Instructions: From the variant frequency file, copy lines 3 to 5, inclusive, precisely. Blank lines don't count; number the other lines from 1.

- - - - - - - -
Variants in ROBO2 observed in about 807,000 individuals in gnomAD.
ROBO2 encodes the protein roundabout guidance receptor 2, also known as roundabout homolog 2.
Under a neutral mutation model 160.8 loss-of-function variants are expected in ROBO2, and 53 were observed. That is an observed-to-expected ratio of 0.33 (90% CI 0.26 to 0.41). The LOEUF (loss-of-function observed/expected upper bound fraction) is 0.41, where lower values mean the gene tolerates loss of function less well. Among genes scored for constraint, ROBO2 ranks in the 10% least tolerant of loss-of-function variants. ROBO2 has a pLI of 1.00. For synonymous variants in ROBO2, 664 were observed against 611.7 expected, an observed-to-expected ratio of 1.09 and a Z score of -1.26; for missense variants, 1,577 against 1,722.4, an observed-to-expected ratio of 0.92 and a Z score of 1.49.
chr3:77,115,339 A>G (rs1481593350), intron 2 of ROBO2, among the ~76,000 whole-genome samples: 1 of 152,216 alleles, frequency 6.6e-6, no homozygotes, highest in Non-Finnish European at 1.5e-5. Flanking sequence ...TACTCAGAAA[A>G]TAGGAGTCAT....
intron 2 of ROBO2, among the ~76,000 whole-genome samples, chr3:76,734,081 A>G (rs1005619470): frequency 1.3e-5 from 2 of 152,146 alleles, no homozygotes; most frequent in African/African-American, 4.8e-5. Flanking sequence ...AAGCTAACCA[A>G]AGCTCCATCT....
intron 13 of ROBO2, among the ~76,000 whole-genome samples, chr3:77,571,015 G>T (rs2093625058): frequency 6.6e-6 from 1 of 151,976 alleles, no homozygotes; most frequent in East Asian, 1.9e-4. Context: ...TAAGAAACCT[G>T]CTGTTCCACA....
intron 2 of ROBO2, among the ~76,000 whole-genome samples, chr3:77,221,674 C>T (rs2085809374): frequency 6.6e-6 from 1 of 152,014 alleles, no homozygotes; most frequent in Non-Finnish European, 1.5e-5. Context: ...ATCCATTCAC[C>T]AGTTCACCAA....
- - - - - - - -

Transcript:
Under a neutral mutation model 160.8 loss-of-function variants are expected in ROBO2, and 53 were observed. That is an observed-to-expected ratio of 0.33 (90% CI 0.26 to 0.41). The LOEUF (loss-of-function observed/expected upper bound fraction) is 0.41, where lower values mean the gene tolerates loss of function less well. Among genes scored for constraint, ROBO2 ranks in the 10% least tolerant of loss-of-function variants. ROBO2 has a pLI of 1.00. For synonymous variants in ROBO2, 664 were observed against 611.7 expected, an observed-to-expected ratio of 1.09 and a Z score of -1.26; for missense variants, 1,577 against 1,722.4, an observed-to-expected ratio of 0.92 and a Z score of 1.49.
chr3:77,115,339 A>G (rs1481593350), intron 2 of ROBO2, among the ~76,000 whole-genome samples: 1 of 152,216 alleles, frequency 6.6e-6, no homozygotes, highest in Non-Finnish European at 1.5e-5. Flanking sequence ...TACTCAGAAA[A>G]TAGGAGTCAT....
intron 2 of ROBO2, among the ~76,000 whole-genome samples, chr3:76,734,081 A>G (rs1005619470): frequency 1.3e-5 from 2 of 152,146 alleles, no homozygotes; most frequent in African/African-American, 4.8e-5. Flanking sequence ...AAGCTAACCA[A>G]AGCTCCATCT....